7 Nigerian Pioneers Who Made The Nation Proud
Nigeria is full of talented and gifted people. But do we really remember our cultural heritage? Legit.ng editors decided to remind you about some of the outstanding Nigerians who were first in their area.
Here are the 7 Nigerian pioneers:
1. Ahmet Ali Çelikten
He was the first black pilot in the aviation history. He was one of only two black pilots in the World War I. His grandmother came from Bornu (now Borno State in Nigeria) to the Ottoman Empire as a slave. Ahmet was born in 1883 in İzmir, in the Aidin Vilayet of the Ottoman Empire. He aimed to become a naval sailor and entered the Naval Technical School named Haddehâne Mektebi (literally "School of the Blooming Mill") in 1904. In 1908, he graduated from the school as a First Lieutenant. Then he joined the aviation courses in the Naval Flight School (Deniz Tayyare Mektebi) that was formed at Yeşilköy on June 25, 1914.
2. Jonathan Adagogo Green
He was the first professional photographer of Nigerian origin. Green was the chief photographer for the British as they lay the groundwork for colonization of Nigeria. He also took pictures of his own Ijo peoples’ struggle to maintain control of their land and to preserve their cultural identity. While most of the British collections of his photographs are now in archives, Green’s photographs live on among the Ijo who continually reprint and reuse them to reconstruct and celebrate their cultural traditions.
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3. Emmanuel Arinze Ifeajuna
He was a Nigerian army major and high jumper. He became the first person from Africa to win a gold medal at an international sports event. He won the 1954 British Empire and Commonwealth Games. His winning mark and personal best of 6 ft 8 inches (2.03 m) was a games record and a British Empire record at the time. Emmanuel was an Igbo from Onitsha. Apart from sport achievements, he was also was a science graduate University College of Ibadan and became involved in politics, later joining the military.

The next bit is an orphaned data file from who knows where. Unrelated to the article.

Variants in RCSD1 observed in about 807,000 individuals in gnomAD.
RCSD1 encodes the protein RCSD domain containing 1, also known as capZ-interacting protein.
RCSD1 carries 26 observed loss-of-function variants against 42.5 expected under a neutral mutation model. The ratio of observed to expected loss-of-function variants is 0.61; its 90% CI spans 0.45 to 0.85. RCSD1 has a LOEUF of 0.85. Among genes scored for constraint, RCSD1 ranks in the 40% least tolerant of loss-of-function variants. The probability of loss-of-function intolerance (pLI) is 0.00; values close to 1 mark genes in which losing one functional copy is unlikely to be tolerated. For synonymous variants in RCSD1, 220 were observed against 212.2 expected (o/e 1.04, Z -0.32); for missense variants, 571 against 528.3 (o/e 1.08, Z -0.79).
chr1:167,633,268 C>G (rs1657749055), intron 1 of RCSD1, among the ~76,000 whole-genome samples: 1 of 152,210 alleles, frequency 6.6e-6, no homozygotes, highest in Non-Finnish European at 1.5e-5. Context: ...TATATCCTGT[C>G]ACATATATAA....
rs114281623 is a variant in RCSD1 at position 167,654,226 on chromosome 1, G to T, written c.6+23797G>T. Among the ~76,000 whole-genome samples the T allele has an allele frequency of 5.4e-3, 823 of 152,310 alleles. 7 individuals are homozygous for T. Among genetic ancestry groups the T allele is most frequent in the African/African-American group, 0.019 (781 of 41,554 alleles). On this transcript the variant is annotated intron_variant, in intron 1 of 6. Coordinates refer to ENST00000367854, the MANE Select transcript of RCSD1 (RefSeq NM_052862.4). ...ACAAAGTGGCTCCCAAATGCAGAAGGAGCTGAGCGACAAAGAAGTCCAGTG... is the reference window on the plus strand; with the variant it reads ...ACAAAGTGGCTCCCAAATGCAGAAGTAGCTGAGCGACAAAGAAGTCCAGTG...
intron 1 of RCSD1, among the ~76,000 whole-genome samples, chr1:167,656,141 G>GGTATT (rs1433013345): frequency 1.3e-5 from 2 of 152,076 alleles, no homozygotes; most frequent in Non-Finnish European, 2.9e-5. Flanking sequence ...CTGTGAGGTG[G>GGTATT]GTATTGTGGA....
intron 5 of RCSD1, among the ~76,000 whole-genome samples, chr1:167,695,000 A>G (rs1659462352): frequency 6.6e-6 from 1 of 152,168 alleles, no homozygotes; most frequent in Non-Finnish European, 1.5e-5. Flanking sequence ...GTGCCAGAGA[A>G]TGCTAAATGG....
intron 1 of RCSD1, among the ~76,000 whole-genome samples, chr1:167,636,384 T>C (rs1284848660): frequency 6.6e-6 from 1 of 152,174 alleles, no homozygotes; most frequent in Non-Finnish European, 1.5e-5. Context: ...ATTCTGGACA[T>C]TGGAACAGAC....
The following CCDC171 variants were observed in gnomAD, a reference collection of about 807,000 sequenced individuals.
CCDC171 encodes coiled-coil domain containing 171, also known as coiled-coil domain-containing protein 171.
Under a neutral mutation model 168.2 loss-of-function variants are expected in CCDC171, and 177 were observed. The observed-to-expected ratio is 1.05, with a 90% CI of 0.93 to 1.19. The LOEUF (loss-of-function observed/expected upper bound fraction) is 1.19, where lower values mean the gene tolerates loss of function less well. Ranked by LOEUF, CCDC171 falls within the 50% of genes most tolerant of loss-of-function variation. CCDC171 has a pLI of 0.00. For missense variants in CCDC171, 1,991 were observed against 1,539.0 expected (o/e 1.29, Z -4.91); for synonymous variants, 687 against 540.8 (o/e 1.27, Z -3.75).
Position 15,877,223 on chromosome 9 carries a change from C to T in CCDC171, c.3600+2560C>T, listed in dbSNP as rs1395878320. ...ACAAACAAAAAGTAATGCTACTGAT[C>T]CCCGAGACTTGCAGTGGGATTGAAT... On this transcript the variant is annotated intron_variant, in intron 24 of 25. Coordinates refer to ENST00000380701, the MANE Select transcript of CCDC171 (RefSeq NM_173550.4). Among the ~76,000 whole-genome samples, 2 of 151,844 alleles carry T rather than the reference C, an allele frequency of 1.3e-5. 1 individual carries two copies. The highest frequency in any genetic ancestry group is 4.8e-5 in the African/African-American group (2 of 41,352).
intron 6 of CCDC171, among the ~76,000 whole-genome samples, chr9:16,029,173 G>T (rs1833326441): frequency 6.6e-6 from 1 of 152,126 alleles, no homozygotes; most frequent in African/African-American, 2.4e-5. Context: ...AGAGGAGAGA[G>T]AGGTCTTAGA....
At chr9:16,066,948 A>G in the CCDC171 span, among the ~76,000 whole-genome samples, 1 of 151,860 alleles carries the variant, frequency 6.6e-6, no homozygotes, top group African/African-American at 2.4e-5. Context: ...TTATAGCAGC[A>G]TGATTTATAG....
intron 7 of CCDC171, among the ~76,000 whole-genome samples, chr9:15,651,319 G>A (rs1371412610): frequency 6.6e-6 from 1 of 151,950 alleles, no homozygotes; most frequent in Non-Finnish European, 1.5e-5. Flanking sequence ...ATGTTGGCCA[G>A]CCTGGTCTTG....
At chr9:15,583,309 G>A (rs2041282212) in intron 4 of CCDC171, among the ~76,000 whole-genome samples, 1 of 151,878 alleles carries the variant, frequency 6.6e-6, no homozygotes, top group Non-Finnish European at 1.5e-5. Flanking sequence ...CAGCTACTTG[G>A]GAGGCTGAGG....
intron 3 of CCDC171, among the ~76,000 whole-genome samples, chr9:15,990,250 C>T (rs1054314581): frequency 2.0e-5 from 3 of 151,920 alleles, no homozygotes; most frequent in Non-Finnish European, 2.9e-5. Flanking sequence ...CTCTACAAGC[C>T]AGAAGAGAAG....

4. Tesilimi Olawale "Teslim" Balogun
Balogun was the first African to qualify as a professional coach. He was a coach for Nigeria at the 1968 Summer Olympics. He played at both professional and international levels as a striker. The Teslim Balogun Stadium in the Nigerian city of Lagos is named in his honour. The Teslim Balogun Foundation was founded after his death to assist the families of Nigerian ex-international footballers who may have fallen on hard times.
5. Rosalind Balogun
She was a first Miss Nigeria to participate in the Miss World contest in 1967. There were four contestants from Africa: Nigeria, Ghana, Tanzania and Uganda.
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6. Wole Soyinka
He is a Nigerian playwright and poet. He was awarded the 1986 Nobel Prize in Literature, the first African to be so honored. Soyinka has strongly criticised many Nigerian military dictators, especially late General Sanni Abacha, as well as other political tyrannies. Wole Soyinka is among contemporary Africa's greatest writers. He is also one of the continent's most imaginative advocates of native culture and of the humane social order it embodies.
7. Nnamdi Azikiwe
Chief Benjamin Nnamdi Azikiwe was the first President of Nigeria from 1963 to 1966, holding the presidency throughout the Nigerian First Republic. This man was one of the fundamentalists of modern Nigerian nationalism.